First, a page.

There is something to that “for the love of the game” attitude in baseball.
Umpires working the Little League District 13 All Star playoffs at the Tempe Sports Complex are all volunteers.
But that doesn’t mean that someone drags some “Baseball Dads” or coaches out of the crowd before a game.
“That’s old school,” explained Cruss Myers, one of the umpires working 66 games in three age groups over 12 hot days and evenings this season.
Myers and most of the umpire crew are veterans who have called high school, college and even professional baseball games over their careers.
“If you love baseball, you’re a kid forever,” said Bill Siebles, who has worn the blue uniform for 28 years and worked high school and National Collegiate Athletic Association (NCAA) college games in Idaho.
Siebles was drafted by the Baltimore Orioles and was a Major League prospect for the Orioles in the early 1970s. He played seven different positions, including pitching and catching, before he was hit above the right eye with a ball during a spring training game and wasn’t able to reach his potential.
Siebles got into law enforcement, then banking before moving to a home in Chandler where he was close enough to a diamond that he could see the stadium lights on summer evenings.
“That’s when I decided I had to get back into umpiring,” Siebles said.
Umpires for the District 13 tournament are drawn from six teams in the area.
“We’ve got some really good umpires in this league,” said Joe Diaz, who is in charge of the district tournament.
“The umpires live in the area and most have been associated with the league for a long time,” Diaz added. “Little League is a big draw and there is always a chance that one of these teams will be in the Little League World Series in Williamsport.”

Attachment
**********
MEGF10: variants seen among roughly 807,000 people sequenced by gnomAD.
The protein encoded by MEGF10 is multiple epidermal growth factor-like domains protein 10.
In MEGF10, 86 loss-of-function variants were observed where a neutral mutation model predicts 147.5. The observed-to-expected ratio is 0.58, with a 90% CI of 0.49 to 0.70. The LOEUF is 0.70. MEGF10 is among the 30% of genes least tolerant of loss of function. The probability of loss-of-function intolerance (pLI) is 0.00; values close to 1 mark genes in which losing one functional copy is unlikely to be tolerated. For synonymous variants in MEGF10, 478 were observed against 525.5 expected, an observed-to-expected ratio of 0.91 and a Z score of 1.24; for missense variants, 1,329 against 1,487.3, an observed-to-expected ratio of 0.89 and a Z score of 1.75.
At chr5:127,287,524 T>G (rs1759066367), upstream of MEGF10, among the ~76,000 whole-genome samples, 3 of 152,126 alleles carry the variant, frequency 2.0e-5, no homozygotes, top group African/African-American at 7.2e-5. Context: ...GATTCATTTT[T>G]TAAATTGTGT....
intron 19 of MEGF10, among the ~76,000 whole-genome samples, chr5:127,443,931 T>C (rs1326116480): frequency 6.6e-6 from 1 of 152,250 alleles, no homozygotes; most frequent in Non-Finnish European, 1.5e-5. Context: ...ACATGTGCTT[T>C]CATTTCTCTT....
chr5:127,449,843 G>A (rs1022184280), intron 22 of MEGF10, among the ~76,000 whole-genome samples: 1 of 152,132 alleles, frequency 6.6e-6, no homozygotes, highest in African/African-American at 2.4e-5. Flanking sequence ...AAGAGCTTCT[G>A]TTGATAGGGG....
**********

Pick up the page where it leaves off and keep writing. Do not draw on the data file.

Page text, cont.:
Diaz has made three trips back to Williamsport, Pa., over the past 10 years of the district’s history when two Chandler teams and one Ahwatukee Foothills team went all the way.
It doesn’t take many phone calls to get volunteers to recruit a crew.
“They have a lot of experience and they want to be here,” said Terry Gerson, who is the district chief umpire. “We’ve got guys from all levels of baseball and they want to give back to the program. What a lot of people don’t realize is that they aren’t paid, but they still have to take care of their own expenses if they go on to regional or national tournaments.”
Myers did two professional spring training games earlier this season.
“It was a hoot,” said Myers, who has been at it for 16 years.
He realized the level of play he was involved with when he was handed eight Major League baseballs before the start of the game.
Darnell Calhoun, a native of Seattle, Wash., is one of the younger members of the volunteers, but is the umpiring chief of his local league.
“I never played Little League but I did play as a freshman in high school and my playing career was less than stellar,” Calhoun said. “With all the rain-outs and cancellations I think we played five games and went 0-5 that year.
“But I realized that I loved baseball and just kept coming back,” he added. “One of the fun things about coming back every year, besides the game, is the camaraderie among these guys who have been doing this for years.”
Little League play can be slightly different from the high levels and even the veteran umpires keep a rule book handy.
“After doing college games I had to keep a rule book in my equipment bag and read it over again every two or three days,” Siebles said. “It’s just the love of the game. You can sit around and get old or be out here. I still love the game and this is a chance to give back.”